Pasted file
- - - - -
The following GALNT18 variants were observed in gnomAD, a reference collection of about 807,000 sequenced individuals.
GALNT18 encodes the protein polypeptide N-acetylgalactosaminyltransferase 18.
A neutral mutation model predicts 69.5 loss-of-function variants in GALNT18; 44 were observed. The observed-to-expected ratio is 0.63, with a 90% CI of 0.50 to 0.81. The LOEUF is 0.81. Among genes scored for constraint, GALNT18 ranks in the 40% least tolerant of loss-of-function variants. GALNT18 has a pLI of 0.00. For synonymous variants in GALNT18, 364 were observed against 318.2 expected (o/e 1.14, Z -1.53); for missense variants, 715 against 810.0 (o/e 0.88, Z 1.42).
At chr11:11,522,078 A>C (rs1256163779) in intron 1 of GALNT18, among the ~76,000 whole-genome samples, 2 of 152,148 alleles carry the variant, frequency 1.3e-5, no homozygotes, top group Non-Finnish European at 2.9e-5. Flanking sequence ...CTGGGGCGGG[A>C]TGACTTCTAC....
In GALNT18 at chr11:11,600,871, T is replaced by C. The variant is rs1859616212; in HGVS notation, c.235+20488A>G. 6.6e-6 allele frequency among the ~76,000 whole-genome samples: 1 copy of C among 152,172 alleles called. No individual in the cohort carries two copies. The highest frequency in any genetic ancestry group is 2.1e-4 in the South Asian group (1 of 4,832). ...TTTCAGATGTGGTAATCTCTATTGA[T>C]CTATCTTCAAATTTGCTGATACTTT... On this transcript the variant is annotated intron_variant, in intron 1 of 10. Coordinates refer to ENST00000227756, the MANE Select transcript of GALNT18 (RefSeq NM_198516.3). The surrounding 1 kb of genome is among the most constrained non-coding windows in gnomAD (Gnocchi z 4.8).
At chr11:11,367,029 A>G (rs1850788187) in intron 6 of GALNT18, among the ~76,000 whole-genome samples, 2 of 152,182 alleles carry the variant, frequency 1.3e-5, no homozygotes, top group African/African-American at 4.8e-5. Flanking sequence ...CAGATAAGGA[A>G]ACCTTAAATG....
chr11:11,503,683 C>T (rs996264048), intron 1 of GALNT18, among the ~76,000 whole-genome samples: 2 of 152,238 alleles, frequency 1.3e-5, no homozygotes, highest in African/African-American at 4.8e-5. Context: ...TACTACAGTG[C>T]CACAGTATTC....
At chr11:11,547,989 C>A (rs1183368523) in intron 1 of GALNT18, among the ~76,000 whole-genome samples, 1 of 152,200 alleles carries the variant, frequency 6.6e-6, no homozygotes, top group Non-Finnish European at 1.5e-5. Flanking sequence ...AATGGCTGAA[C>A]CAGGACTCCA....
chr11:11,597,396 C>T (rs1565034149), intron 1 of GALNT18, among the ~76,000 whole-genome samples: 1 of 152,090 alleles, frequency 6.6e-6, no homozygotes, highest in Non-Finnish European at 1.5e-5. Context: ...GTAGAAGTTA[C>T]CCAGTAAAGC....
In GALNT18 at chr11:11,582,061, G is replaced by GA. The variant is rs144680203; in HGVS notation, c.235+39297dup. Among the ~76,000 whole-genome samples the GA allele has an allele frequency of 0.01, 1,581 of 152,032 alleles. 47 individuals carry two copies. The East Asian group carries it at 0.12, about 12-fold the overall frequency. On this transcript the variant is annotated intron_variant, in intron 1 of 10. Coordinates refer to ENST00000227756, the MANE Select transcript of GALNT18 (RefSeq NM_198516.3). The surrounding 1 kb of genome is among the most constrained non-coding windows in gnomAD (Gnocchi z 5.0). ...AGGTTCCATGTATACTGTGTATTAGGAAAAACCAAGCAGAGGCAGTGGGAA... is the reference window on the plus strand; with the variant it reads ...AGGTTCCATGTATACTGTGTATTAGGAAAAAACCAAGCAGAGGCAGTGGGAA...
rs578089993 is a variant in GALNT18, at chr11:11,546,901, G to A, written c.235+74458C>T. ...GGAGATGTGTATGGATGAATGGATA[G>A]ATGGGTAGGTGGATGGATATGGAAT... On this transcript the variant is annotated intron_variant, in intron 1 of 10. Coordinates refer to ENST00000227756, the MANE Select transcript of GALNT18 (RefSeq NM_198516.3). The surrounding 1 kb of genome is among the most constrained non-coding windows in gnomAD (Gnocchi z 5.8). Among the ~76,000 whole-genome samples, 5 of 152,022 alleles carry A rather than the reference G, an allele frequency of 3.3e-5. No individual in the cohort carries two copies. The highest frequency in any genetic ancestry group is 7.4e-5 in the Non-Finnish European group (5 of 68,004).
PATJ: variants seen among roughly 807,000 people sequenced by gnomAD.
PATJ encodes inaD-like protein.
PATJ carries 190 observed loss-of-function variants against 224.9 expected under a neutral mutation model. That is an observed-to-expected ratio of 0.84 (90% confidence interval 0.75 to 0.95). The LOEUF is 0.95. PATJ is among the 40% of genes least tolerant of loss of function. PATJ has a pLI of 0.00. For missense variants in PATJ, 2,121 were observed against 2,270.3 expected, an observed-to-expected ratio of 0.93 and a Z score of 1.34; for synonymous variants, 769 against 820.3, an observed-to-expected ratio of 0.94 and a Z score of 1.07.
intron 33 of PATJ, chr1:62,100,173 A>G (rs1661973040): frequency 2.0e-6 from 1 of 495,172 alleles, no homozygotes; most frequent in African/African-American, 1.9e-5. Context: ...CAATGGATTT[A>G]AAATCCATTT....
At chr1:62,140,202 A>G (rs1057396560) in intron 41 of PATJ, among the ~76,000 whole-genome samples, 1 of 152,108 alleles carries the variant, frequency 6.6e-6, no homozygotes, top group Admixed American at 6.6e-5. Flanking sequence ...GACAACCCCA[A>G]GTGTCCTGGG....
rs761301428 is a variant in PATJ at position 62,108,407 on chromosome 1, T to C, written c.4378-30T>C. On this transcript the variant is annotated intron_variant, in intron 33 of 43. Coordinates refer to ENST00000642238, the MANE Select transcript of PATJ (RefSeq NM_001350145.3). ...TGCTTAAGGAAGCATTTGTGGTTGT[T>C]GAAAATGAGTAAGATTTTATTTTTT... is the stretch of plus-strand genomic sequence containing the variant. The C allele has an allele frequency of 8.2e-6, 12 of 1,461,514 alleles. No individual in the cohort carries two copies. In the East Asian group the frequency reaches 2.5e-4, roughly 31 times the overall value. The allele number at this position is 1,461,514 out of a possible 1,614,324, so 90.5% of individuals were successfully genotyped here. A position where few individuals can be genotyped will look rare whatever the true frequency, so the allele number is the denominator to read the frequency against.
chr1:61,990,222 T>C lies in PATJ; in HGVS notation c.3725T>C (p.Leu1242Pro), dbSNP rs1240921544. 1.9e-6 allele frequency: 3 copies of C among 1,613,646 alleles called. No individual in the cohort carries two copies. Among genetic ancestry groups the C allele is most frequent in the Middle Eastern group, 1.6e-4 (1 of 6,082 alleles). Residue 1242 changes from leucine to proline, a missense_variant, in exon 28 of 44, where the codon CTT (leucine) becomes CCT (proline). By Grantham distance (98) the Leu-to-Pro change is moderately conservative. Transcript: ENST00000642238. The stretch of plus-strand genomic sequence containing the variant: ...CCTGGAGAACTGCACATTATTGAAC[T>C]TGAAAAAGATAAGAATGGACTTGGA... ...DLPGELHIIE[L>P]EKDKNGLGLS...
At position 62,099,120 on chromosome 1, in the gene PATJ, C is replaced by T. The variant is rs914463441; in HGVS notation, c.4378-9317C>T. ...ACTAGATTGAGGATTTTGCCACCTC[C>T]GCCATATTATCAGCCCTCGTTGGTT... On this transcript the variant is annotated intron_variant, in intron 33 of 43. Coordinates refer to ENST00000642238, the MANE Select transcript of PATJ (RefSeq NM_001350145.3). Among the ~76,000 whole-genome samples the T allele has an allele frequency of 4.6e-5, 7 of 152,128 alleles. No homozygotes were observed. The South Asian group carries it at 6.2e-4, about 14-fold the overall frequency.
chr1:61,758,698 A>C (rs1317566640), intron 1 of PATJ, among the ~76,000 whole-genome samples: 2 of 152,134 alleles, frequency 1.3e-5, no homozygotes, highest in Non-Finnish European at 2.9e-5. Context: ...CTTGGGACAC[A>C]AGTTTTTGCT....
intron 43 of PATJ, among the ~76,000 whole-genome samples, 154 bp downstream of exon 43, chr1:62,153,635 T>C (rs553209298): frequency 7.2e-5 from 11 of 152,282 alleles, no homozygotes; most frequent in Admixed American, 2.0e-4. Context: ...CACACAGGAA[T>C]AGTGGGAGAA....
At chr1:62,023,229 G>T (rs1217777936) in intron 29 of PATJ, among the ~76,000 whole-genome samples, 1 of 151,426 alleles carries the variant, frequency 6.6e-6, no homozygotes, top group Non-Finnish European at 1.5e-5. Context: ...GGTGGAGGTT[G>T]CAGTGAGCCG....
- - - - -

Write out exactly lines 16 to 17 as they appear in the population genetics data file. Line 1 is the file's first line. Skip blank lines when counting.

At chr1:62,140,202 A>G (rs1057396560) in intron 41 of PATJ, among the ~76,000 whole-genome samples, 1 of 152,108 alleles carries the variant, frequency 6.6e-6, no homozygotes, top group Admixed American at 6.6e-5. Flanking sequence ...GACAACCCCA[A>G]GTGTCCTGGG....
rs761301428 is a variant in PATJ at position 62,108,407 on chromosome 1, T to C, written c.4378-30T>C. On this transcript the variant is annotated intron_variant, in intron 33 of 43. Coordinates refer to ENST00000642238, the MANE Select transcript of PATJ (RefSeq NM_001350145.3). ...TGCTTAAGGAAGCATTTGTGGTTGT[T>C]GAAAATGAGTAAGATTTTATTTTTT... is the stretch of plus-strand genomic sequence containing the variant. The C allele has an allele frequency of 8.2e-6, 12 of 1,461,514 alleles. No individual in the cohort carries two copies. In the East Asian group the frequency reaches 2.5e-4, roughly 31 times the overall value. The allele number at this position is 1,461,514 out of a possible 1,614,324, so 90.5% of individuals were successfully genotyped here. A position where few individuals can be genotyped will look rare whatever the true frequency, so the allele number is the denominator to read the frequency against.